We’ve all seen it: the snarling, hissing black cat figure of Halloween that has been a staple of the holiday for more than a century. For many, this comically scary representation of our beloved house cats is as much a part of Halloween as ghosts, candy corn and pumpkins. But few know the fascinating intricacies of the cat’s relationship with the holiday, a history that goes a long way to understanding the way we regard felines even today.
The shared history of humans and the domesticate cat is complex, marked by both devotion and animosity (often times simultaneously) and does not follow a single path. What’s particularly notable is that while cats may have been persecuted in one part of the world as minions of evil, they could be cherished and revered in another as mousers and companions. But regardless, it is undoubtable that the cat has suffered greatly due to its association with human evil, and it is a testament to the cat’s loveability, reproductive prowess and adaptability that they are still with us today.
By no means an exhaustive account, what follows is a rough trajectory of the cat’s association with evil in the Western European Christian tradition, that which eventually led to the Halloween we know today. For more reading, please see the list of references at the end of this post.
So Happy Halloween, Cat Connection friends! In the midst of all the festivities of the day, be sure to hug your kitties and keep them indoors, for this evening the night is dark and full of terrors that stretch deep into our shared history with the cats we love.
The Cat Goddesses of the Ancient World
The relationship of cats and humans begins in Egypt and the surrounding region, where wildcats living on the peripheral of human civilization were slowly integrated into a closer relationship with people. Evidence of early cats kept as companions in Egypt stretch as far back as 6,500 years ago, and it is likely that during this time the modern domestic cat began to take shape. Larger than the domestic cat of today, these cats were cherished for their vermin control, particularly following the spread of the black rat from India and Southeast Asia via trade routes 2,600 years ago.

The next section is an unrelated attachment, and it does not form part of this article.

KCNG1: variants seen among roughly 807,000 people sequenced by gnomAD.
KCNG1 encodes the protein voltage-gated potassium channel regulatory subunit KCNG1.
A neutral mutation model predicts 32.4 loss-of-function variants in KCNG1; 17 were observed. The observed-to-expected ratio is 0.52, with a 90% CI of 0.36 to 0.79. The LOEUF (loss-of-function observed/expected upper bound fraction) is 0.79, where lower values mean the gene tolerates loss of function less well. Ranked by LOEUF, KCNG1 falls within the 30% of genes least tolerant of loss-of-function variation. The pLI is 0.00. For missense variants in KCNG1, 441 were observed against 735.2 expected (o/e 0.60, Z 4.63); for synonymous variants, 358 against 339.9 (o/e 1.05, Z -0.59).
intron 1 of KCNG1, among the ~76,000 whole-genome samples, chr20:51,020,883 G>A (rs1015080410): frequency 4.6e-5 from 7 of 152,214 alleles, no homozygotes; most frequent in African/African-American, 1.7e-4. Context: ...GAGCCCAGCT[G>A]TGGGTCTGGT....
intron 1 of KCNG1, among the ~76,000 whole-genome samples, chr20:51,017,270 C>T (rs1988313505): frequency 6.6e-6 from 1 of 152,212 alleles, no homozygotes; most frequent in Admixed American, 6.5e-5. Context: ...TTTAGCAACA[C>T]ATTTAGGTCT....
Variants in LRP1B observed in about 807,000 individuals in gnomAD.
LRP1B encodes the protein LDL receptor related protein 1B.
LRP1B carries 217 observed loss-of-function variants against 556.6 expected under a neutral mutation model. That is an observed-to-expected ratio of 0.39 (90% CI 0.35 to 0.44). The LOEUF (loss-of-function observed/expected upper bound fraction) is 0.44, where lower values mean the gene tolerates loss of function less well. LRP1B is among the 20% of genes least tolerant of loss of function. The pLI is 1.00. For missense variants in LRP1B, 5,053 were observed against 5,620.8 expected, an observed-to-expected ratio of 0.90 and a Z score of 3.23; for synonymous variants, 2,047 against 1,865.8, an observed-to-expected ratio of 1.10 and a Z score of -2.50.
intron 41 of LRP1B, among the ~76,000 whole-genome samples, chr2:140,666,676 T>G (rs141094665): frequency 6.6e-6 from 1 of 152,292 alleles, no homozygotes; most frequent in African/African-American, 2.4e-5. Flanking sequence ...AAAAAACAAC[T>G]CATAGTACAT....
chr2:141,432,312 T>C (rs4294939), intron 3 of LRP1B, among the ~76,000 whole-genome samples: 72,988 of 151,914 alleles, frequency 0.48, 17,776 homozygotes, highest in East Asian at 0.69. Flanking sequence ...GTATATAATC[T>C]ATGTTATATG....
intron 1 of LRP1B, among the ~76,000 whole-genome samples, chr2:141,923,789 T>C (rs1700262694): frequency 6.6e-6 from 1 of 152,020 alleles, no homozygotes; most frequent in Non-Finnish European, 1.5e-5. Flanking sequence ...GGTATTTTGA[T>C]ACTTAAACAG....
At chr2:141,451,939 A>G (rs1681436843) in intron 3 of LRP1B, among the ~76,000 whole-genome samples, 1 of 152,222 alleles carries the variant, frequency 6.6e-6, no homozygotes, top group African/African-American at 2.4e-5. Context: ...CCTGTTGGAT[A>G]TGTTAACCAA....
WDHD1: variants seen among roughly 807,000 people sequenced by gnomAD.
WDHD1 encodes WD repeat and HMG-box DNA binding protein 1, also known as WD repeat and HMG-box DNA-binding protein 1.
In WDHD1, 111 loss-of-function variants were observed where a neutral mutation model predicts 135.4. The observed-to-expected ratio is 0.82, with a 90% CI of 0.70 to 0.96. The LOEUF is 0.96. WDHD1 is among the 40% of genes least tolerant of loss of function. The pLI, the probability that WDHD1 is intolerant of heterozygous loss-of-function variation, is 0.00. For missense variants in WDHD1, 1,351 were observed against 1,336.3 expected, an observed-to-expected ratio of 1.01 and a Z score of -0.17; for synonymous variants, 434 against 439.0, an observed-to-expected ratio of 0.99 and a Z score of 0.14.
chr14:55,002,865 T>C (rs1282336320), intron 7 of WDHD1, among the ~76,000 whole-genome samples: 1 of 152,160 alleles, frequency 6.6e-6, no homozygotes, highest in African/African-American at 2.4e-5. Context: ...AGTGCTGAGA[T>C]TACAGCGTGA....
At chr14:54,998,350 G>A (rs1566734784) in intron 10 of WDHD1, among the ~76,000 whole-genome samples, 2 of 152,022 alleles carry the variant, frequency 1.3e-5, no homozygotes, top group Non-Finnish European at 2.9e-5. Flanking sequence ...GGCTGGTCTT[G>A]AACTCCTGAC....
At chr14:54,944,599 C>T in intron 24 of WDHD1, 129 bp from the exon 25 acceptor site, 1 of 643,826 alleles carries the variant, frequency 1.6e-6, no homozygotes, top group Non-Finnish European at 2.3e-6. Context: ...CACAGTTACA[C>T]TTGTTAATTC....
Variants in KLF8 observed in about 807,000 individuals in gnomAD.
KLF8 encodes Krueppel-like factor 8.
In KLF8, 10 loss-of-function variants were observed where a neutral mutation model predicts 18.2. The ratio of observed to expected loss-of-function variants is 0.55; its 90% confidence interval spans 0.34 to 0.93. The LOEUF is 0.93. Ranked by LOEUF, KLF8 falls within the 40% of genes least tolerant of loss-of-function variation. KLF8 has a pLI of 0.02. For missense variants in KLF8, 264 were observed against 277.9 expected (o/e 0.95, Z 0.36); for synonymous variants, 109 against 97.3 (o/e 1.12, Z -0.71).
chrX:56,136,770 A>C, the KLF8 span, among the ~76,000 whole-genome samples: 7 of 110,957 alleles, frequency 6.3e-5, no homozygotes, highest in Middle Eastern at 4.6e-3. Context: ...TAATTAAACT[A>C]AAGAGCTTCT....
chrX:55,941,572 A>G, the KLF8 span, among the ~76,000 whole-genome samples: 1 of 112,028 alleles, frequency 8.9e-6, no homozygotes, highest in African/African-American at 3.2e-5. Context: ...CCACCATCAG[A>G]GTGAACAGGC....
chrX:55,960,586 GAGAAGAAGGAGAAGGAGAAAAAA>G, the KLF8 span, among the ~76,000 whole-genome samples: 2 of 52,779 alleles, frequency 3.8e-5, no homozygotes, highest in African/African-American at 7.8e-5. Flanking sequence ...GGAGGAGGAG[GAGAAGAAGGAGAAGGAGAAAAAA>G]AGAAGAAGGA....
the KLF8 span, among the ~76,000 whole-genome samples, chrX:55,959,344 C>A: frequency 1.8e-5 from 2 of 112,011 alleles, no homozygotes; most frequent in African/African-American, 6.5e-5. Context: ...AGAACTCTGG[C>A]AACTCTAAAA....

About 3,500 years ago, cats began to feature more frequently in Egyptian cults and religion, particularly with the goddess Bastet. She was originally depicted as a woman with a lion’s head attended by smaller felines, but the growing ubiquitousness of domestic cats eventually transformed not only representations of the goddess, but also her association in people’s minds. As John Bradshaw notes in Cat Sense:
“Originally a simple goddess who protected humankind against misfortune, she later became associated with playfulness, fertility, motherhood, and female sexuality – all characteristics of domestic cats.” (35)
As domestic cats spread to Greece and Rome, most likely as exotic imports at first, the cat became associated with the goddess of the hunt, Artemis in Greece and Diana in Rome. Cults in veneration of the goddess, including Bastet, persisted for centuries, even through the sixth century in some parts of Europe.
Formalized Hostility Towards the Cat
The domestic cat spread rapidly throughout Europe in the centuries following its emergence in Egypt. Though just as often regarded as disposable, the cat was also cherished for its mousing abilities and independent nature. For years, cats were depicted positively in religious texts, and the Christian Church held a generally benevolent attitude towards the feline throughout most of the Dark Ages, as cats featured heavily in monastic life.